Portugal: Our partner - LIP

First hoisting of the Portuguese flag at CERN, following the country's membership. Photo taken on January 22 (or 23), 1986. From left to right: António Costa Lobo (Portugal's ambassador to the UN in Geneva), Gaspar Barreira (who would be director of LIP for many years), Karin Wall (José Mariano Gago's wife), José Mariano Gago (Founder and President of LIP, and later Portuguese Minister of Science and Technology, deceased in 2015), Catarina Wall Gago (his baby daughter), João Varela (who would become vice-spokesperson of the CMS collaboration at the LHC), Herwig Schopper (CERN's Director-General), Eduardo Arantes e Oliveira (Portugal's Secretary of State for Science), <man hoisting flag>, Margarida Nesbitt Rebelo, <man>, Mário Pimenta (today, president of LIP), <man>, Gustavo Castelo Branco, João Seixas, Sérgio Ramos, and Peter Sonderegger.

LIP: Laboratory of Instrumentation and Experimental Physics of Particles based at the University of Coimbra has existed since the founding of the Laboratory in May 1986 with Portugal’s accession to CERN – the first international scientific organization Portugal joined. LIP thus has a place in its own right in the history of research in Portugal, particularly in the internationalization of science and the enormous boost in advanced training.

The development of new instruments and methods related to experimental particle physics is one of the main pillars of activity at LIP. Over the years, LIP has built a high level of expertise in key radiation detection technologies, supported by research on the fundamental processes involved. It particularly specializes in gaseous and Xenon-based detectors, optical fiber calorimeters, radiation detection systems for Health and Space applications and, most importantly for SINE2020, Resistive Plate Chambers (RPC) – its contribution to Work Package 9: Detectors.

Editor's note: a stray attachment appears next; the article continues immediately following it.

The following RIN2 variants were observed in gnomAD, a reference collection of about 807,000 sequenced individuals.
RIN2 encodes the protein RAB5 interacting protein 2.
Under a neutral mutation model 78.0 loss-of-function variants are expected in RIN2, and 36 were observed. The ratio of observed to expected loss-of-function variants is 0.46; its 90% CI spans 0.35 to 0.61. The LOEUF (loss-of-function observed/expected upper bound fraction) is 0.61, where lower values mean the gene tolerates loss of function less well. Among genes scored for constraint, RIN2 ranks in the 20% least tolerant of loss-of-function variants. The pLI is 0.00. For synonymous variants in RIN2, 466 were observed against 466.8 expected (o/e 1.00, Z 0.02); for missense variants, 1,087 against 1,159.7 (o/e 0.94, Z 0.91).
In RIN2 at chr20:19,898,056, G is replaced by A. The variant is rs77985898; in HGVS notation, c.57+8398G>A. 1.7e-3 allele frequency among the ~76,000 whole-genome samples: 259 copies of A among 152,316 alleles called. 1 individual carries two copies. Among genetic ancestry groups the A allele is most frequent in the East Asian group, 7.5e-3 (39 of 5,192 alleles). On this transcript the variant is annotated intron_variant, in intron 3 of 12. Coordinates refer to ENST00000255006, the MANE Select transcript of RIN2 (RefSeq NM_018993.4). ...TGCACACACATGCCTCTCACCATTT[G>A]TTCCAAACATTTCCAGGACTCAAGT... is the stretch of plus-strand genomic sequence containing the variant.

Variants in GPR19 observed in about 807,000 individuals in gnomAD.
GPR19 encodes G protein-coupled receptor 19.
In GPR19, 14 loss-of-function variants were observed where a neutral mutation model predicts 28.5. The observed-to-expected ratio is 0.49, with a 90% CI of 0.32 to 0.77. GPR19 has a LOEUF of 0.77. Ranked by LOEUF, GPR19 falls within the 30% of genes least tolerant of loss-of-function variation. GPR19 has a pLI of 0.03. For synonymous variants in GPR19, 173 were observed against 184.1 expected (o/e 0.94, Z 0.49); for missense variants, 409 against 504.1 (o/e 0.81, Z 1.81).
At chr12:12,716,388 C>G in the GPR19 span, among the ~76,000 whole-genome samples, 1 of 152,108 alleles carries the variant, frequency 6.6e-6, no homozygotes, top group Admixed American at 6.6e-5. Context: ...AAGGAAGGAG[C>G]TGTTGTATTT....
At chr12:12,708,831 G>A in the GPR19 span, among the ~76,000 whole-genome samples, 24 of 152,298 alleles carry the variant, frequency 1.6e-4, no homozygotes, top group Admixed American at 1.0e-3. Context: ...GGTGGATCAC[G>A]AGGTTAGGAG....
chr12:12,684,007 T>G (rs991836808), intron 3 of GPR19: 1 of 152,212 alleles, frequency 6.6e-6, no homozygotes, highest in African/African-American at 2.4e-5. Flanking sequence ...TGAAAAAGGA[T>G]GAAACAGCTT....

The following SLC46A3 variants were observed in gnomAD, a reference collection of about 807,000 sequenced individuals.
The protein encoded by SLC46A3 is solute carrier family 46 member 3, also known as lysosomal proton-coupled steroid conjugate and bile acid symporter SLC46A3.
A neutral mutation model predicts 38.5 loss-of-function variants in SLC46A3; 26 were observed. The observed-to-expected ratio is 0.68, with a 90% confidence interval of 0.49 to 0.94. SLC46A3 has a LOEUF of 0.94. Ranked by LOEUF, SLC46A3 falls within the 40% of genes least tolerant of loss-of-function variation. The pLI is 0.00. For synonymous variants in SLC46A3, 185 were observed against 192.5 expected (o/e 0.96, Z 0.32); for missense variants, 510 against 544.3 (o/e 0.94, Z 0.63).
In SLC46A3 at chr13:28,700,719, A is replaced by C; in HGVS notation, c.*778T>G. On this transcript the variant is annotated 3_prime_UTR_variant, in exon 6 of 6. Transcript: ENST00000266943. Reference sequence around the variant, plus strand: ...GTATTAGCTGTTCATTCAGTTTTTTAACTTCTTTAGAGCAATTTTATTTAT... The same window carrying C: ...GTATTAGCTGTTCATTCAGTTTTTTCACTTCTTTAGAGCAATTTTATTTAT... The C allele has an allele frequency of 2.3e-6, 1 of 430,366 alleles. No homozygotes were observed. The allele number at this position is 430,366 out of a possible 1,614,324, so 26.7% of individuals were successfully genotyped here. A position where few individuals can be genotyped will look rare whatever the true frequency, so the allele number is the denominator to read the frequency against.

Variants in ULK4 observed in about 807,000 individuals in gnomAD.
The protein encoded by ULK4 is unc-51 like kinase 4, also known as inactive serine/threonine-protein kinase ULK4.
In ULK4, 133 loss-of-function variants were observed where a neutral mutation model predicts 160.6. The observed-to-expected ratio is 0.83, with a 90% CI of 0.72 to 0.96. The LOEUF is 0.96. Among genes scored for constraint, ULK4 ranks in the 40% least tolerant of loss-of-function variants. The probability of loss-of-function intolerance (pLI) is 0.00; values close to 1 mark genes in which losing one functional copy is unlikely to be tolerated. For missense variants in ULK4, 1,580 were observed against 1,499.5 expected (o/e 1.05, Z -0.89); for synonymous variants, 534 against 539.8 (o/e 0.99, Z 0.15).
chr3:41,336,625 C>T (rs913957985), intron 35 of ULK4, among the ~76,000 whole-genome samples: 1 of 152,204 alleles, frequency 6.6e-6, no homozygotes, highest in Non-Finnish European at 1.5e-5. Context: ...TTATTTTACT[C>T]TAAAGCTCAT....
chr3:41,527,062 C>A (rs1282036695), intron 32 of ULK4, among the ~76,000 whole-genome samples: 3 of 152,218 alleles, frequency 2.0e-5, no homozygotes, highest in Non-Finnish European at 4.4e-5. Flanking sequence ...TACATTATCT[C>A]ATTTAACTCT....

Resistive Plate Chambers (RPC) are versatile detectors with a fast response, intrinsically radiation hard, and all provided at a relatively low cost. Over the last few years, LIP’s Detector R&D group have developed a coherent and ambitious R&D line of work that took the performance and the flexibility of RPCs to a new level. This expanded the range of RPC applications to several areas widely recognized as addressing societal challenges, from nuclear and particle physics to medical physics, from rugged outdoor muon detection to systems to helium-free neutron detectors, confirming LIP as a world leader in the development, design and construction of RPCs.

Specific project examples include a TOFtracker device for muon tomography of cargo containers at harbours and devices that can be used in remote locations e.g. a cosmic ray telescope in Antarctica. Of course the one we are most concerned about at SINE2020 is RPCs that can be used as neutron detectors. Find out more in our next installment.

Reference: LIP Annual Report 2017/2018
Acknolwedgements: Catarina Espirito Santo, LIP